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For some crimes, there are no mitigating circumstances
on July 19, 2001
In September 1857, over 100 emigrants, including many women and children, were brutally ambushed and murdered in a peaceful meadow in southern Utah. Wise' thesis is that these murders were orchestrated and directed by Brigham Young, who was the prophet of the Church of Jesus Christ of Latter-day Saints (LDS, or Mormon) as well as the territorial governor at the time.
Growing up in the LDS Church, I'd been taught that the Massacre was the dirty work of local Indians, that the LDS Church had nothing to do with it, and that accusations of complicity by Brigham Young were nothing but filthy lies by the Church's enemies. [See, for example, Essentials in Church History, Joseph Fielding Smith, 1950, pages 418-422]. Basically, the LDS response has been: "We didn't do it. The Indians did it. But if we had done it, we'd have had a really good reason because those gentiles were so evil."
Wise, though, has the upper hand in this debate. He has clearly demonstrated his thesis with far more references to verifiable history than anything I've ever seen offered by the Church. Wise begins by dispelling LDS propaganda to the effect that the train consisted of "Missouri Wild Cats," who intimidated the Mormons until they felt moved to murder. Appendix A lists the people in the Fancher train, which consisted mostly of prosperous families from Arkansas, including many women and children. Latter chapters also provide convincing evidence that the Fancher train was denied the opportunity to purchase supplies in Utah because of anti-Gentile sentiment that had been fanned by Brigham Young in advance of a US Army sent to re-establish law and order in the Utah territory. He also shows (through eye-witness historical accounts) that the Fancher train had originally planned to take the northern route, but were persuaded by Mormon leaders to take the Southern route, ostensibly to facilitate the ambush and murder by LDS members in Southern Utah.
To understand the massacre at Mountain Meadows you must first understand the origin of the Church of Jesus Christ of Latter-day Saints, and the violence that engulfed it's early years. This background information consumes over 1/3 of Wise' book. The author begins by describing Joseph Smith as a gold digger that hired out with local farmers to help them find buried treasure by looking at special "seer" stones. Joseph's boyhood was one of abject poverty, and get-rich schemes were an important part of his early life. Eventually this led him to create the Book of Mormon (see "Quest for the Gold Plates," by Stan Larson) and organize the Church of Jesus Christ of Latter-day Saints.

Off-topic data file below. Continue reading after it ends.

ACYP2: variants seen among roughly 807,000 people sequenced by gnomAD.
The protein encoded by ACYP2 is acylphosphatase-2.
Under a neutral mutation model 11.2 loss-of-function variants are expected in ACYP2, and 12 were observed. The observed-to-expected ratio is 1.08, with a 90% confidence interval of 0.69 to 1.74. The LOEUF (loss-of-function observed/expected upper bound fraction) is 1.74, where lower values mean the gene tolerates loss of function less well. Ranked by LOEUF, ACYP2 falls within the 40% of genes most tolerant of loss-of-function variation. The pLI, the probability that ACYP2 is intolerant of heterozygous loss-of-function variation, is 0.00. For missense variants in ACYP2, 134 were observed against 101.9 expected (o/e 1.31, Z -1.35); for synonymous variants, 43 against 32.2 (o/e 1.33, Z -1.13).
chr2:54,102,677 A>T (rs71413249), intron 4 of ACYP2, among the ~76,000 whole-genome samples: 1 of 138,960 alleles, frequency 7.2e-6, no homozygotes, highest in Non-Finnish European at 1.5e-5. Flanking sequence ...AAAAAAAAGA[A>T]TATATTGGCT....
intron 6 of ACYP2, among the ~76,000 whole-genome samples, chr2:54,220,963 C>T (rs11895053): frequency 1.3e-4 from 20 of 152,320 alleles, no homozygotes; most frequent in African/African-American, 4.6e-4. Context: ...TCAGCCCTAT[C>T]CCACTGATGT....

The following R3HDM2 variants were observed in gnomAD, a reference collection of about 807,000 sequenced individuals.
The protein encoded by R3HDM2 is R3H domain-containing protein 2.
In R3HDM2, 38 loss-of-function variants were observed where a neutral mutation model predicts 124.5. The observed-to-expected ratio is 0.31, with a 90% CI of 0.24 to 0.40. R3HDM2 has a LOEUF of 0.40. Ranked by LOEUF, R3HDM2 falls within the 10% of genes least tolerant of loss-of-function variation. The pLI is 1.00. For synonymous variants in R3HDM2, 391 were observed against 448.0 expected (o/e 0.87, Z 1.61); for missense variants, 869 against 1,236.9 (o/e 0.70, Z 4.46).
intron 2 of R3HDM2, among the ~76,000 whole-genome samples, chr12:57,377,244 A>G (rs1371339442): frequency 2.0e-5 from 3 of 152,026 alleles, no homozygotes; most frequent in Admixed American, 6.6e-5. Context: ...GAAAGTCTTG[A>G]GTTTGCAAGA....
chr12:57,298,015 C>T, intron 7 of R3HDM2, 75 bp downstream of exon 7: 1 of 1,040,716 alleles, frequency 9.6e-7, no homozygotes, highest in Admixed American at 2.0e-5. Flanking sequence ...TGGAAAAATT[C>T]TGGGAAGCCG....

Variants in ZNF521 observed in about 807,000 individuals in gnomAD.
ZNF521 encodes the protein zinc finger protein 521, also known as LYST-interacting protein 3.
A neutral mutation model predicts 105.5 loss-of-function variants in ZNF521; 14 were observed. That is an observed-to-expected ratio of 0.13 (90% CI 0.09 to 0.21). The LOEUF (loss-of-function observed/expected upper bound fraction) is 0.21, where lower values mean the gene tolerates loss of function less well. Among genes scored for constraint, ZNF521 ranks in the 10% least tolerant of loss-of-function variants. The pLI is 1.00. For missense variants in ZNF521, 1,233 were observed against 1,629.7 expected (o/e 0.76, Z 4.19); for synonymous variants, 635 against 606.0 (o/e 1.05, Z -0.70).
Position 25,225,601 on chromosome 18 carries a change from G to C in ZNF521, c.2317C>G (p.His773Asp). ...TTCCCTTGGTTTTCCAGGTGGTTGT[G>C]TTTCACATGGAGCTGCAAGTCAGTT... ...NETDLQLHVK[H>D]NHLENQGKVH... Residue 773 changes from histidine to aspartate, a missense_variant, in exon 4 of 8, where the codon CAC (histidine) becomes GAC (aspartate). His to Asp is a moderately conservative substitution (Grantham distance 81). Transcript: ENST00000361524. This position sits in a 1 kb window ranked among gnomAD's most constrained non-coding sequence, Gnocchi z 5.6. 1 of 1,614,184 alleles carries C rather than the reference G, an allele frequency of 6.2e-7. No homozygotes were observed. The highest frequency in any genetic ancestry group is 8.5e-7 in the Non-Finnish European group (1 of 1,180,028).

The early history of the Church was fraught with violence by both Gentiles and Mormons. On the whole, I think Wise does a balanced job of describing how and why the violence existed, and why it involved Mormons more than most other new religions of the time. These reasons include exclusionary LDS theology, the practice of polygamy and polyandry by Church leaders, sermons that "consecrated" to the Saints the land and other wealth of their Gentile "enemies," and the habit of stripping apostates of their property, and subjecting them to physical abuse and sometimes murder. Eventually Mormon apostates had enough of it and setup a printing press to describe what was going on within the Church. Smith had the press destroyed, and the resulting train of events led to his arrest, and eventual murder while in prison.
With Smith's death, Brigham Young took control of the Church and led the Saints to Utah, where he held it in firm control as both Prophet and territorial governor. Wise describes a Utah under the theocratic rule of a ruthless man who didn't hesitate to have the Danites, Young's band of assassins, murder anyone who got in the way. Wise includes many historical (though anecdotal) accounts of such murders, as well as the no-longer-practiced doctrine of "Blood Atonement," whereby apostates and certain other sinners were required to have their throats slit to atone for their sins. He also explains how early versions of the LDS temple endowment included an oath to avenge Smith's murder. This is important in understanding the motive behind the massacre at mountain meadows.
It was under these conditions that the Fancher train wandered into Utah. Wise describes the process of the massacre in detail. One of the surprises for me was how the massacre happened over an extended period of several days. The initial ambush, led by John D. Lee (Brigham Young's adopted son) and several other Mormons dressed as Indians, killed six or seven men of the Fancher party. The emigrants immediately brought their wagons into a circle, and setup fortifications. The resulting stalemate lasted for several days until the emigrants, driven by thirst, sent two men to Cedar City (a Mormon establishment) to ask for help. Instead of help, though, William Stewart, a local Mormon High Priest, shot and killed one of them. The emigrants also sent two of their party west for help, but these were hunted down and murdered by a group lead by LDS missionary Ira Hatch. Eventually the Mormons promised the emigrants a truce, but while the defenseless rag-tag group was being led from their fortification, the Mormons and Indians fell upon them, murdering everyone in the party except about 18 children.
This isn't the end of the story, though. Wise goes on to explain the resulting investigation, as well as the obstruction of justice and destruction of evidence employed by Brigham Young to help him and his conspirators evade the law. Wise is to be commended for his telling of this barbaric act. If you have any interest in LDS history, or history of the Wild West, I think this book belongs on your shelf.